Darren contacted our helpline after a job he’d been offered with a local council had been withdrawn following receipt of an enhanced Disclosure and Barring Service check. Although Darren’s convictions were all spent (from 30 years ago) and minor, as there was more than one, they were not eligible to be removed (or ‘filtered’) from

In early 2018, Kabir was offered a job working as a Sales Consultant for an IT company based in Wales. As part of the terms and conditions of his employment, Kabir was told that he would need a basic criminal record check which would be carried out by a DBS Responsible Organisation (RO). Although Kabir

Liam contacted our helpline after his employer dismissed him for failing to disclose his unspent conviction. Liam explained to us that he’d originally been employed on a temporary basis through a recruitment agency before being taken on by the company approximately 6 months later as a permanent member of staff. When he’d signed up with

Clive contacted our helpline for some advice after he’d received a letter from the Disclosure and Barring Service stating that they were considering putting him on one or both barred lists. The DBS believed that he was going to be working in regulated activity and, due to his previous conviction, needed to carry out an investigation.

Dennis contacted our helpline because his employer intended to carry out an enhanced Disclosure & Barring Service (DBS) check for his job. Dennis did believe his job was eligible for an enhanced check. Before the check was submitted, Dennis had disclosed details of his criminal record and was suspended by his employer. Dennis as a

Kelly contacted our helpline after she’d had her insurance policy cancelled due to the non-disclosure of her partner’s criminal record. Kelly explained that she’d used a comparison website to get insurance quotes for a new van that she’d recently purchased. After disclosing her partner’s unspent conviction, she had been surprised to find that the prices

Andy contacted our helpline after his application for social housing was declined on the basis of his ‘previous criminal convictions‘. Andy explained that he had three previous convictions but these were all spent under the Rehabilitation of Offenders Act at the time he’d made his housing application. As he’d applied for supported housing, the housing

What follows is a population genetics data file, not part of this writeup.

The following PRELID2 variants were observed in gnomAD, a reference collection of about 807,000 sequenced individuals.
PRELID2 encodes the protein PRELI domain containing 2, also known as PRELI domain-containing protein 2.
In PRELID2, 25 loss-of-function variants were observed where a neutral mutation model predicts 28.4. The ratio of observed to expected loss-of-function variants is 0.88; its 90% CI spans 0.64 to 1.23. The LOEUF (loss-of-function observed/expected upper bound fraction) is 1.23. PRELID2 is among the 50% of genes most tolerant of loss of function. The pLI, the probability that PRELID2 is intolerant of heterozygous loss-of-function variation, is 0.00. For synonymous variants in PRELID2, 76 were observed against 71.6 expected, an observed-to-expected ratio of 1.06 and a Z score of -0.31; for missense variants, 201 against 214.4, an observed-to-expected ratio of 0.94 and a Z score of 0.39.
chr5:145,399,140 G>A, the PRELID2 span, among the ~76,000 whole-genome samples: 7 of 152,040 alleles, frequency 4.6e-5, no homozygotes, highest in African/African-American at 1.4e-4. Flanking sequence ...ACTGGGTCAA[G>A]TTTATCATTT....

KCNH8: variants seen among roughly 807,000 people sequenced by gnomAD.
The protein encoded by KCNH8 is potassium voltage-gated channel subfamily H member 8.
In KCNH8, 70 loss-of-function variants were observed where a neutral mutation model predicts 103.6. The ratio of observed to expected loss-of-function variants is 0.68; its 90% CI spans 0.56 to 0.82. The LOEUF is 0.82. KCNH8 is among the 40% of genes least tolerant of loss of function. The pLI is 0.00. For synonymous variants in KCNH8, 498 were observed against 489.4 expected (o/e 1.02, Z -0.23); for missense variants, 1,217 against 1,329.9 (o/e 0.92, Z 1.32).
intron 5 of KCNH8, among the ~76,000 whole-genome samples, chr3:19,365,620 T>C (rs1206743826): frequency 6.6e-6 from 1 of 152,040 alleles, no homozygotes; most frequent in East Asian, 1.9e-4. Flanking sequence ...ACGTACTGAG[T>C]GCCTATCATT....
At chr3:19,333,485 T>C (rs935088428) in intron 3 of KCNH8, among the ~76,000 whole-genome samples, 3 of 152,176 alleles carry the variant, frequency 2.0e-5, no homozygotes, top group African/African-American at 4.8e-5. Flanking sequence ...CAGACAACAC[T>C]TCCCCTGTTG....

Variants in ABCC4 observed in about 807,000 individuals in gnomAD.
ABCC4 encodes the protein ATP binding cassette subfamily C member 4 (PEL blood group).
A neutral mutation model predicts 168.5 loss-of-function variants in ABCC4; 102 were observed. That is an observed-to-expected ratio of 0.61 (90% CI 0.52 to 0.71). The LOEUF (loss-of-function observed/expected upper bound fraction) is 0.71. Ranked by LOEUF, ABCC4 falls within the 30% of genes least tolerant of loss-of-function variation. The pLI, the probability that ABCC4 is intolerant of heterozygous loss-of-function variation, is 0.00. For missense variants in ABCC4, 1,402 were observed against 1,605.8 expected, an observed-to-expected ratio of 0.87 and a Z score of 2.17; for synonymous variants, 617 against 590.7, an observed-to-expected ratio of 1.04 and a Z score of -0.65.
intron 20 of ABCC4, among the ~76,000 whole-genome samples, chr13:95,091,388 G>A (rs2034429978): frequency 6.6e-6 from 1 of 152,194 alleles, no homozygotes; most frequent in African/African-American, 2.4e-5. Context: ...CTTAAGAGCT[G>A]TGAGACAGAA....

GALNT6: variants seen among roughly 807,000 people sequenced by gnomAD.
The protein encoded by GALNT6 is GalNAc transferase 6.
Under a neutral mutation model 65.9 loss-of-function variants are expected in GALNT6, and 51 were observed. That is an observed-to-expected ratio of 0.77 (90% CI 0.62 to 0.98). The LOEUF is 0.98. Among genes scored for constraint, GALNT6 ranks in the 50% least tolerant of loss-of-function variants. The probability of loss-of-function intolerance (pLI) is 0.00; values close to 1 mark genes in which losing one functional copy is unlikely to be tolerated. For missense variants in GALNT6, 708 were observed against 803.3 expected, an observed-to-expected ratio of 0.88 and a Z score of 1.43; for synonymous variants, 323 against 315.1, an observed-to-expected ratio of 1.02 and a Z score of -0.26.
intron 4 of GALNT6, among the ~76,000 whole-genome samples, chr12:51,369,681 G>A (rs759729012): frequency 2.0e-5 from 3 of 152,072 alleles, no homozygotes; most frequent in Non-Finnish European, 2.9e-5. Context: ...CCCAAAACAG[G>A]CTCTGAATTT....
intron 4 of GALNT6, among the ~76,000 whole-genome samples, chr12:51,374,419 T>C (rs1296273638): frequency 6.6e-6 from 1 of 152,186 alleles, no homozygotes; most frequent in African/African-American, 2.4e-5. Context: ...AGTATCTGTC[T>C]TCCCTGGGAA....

Penny contacted our helpline for some advice after her employers, a local council, had requested an enhanced Disclosure and Barring Service check for a new role in a different department which Penny believed would only be eligible for a basic check. Her job involved dealing with complaints from local residents relating to environmental issues and

Paige contacted our helpline for some advice relating to a situation which had arisen following her nomination as a trustee of her university’s student union board. Shortly after being elected as a trustee, the student union board had been contacted by another student drawing their attention to newspaper reports of a conviction Paige had received about

Ryan contacted our helpline after the school he worked at suspended him from his teaching job due to the non-disclosure of his caution on two ‘Disqualification Declaration’ forms. Ryan explained that although he had received a caution in August 2008, in September 2014 he was able to benefit from legislation introduced in May 2013 and his

Lucy contacted our helpline as she needed some advice about a possible ineligible check that had been done by an employer. Lucy explained that she had received a three year prison sentence in 2007 for money laundering. She’d been working on and off since leaving prison but had waited until her conviction was spent before applying

Tom contacted our helpline for some advice on a problem he was having in completing a teaching qualification at university. Tom explained that he had just started a teacher training course when his partner had been arrested for being in possession of indecent images. Tom told the university about the situation with his partner and

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